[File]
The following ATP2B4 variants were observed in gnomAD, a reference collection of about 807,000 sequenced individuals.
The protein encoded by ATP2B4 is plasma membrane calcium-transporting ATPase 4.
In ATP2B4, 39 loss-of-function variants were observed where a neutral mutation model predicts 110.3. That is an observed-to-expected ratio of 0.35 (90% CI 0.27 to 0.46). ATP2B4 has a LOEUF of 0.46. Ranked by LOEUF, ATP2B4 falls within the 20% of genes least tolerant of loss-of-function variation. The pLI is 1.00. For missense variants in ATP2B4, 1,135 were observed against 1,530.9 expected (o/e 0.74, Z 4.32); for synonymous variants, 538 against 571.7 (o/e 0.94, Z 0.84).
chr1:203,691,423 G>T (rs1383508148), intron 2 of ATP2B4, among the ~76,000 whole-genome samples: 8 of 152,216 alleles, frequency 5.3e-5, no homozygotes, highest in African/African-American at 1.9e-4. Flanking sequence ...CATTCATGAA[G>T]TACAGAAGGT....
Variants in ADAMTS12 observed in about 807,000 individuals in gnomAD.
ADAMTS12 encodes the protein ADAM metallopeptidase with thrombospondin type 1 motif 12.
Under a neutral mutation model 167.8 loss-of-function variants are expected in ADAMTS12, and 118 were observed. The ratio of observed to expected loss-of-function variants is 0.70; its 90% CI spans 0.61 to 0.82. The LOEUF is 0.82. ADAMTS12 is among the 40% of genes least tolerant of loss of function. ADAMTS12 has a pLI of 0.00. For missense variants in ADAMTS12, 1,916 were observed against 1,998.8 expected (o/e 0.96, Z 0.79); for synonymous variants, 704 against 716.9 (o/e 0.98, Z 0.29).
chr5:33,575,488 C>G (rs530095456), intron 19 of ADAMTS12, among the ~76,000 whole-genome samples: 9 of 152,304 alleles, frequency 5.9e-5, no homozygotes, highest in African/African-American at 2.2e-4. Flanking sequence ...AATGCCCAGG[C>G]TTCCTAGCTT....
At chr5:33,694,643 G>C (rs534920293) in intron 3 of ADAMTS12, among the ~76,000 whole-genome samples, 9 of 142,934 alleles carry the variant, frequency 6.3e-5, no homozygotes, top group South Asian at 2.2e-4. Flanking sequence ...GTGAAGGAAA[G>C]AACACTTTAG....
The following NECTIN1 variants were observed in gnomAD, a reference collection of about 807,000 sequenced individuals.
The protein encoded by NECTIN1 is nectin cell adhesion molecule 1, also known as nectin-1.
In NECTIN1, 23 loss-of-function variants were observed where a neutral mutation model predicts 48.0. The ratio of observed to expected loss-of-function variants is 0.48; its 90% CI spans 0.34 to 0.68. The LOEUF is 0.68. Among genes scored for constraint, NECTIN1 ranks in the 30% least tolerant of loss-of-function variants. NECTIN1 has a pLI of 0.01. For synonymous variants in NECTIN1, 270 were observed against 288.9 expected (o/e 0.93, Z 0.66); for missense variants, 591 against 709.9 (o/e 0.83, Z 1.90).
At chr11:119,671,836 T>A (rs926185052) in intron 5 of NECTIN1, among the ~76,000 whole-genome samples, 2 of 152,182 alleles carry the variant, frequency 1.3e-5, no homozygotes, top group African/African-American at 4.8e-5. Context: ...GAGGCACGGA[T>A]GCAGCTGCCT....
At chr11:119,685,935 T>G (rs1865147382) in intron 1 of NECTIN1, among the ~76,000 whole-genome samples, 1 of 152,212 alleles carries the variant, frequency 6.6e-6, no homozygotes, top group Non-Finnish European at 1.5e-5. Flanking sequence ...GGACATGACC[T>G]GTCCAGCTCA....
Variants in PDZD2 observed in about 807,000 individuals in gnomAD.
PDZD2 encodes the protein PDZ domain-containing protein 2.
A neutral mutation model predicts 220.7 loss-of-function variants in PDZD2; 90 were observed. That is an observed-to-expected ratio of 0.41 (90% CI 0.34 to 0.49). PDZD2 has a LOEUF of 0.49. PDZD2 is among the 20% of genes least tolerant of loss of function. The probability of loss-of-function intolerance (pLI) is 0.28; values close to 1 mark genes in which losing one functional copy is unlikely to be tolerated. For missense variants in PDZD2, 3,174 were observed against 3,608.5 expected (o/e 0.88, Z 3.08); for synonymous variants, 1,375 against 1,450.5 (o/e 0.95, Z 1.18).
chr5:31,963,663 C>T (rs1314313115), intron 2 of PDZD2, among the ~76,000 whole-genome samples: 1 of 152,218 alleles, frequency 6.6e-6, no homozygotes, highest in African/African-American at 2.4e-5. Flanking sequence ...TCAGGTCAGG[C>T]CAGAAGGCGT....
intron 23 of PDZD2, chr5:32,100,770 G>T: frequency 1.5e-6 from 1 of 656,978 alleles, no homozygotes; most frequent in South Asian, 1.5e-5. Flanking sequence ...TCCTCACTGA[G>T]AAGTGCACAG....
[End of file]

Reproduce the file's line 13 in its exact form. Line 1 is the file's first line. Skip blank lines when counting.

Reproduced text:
At chr11:119,671,836 T>A (rs926185052) in intron 5 of NECTIN1, among the ~76,000 whole-genome samples, 2 of 152,182 alleles carry the variant, frequency 1.3e-5, no homozygotes, top group African/African-American at 4.8e-5. Context: ...GAGGCACGGA[T>A]GCAGCTGCCT....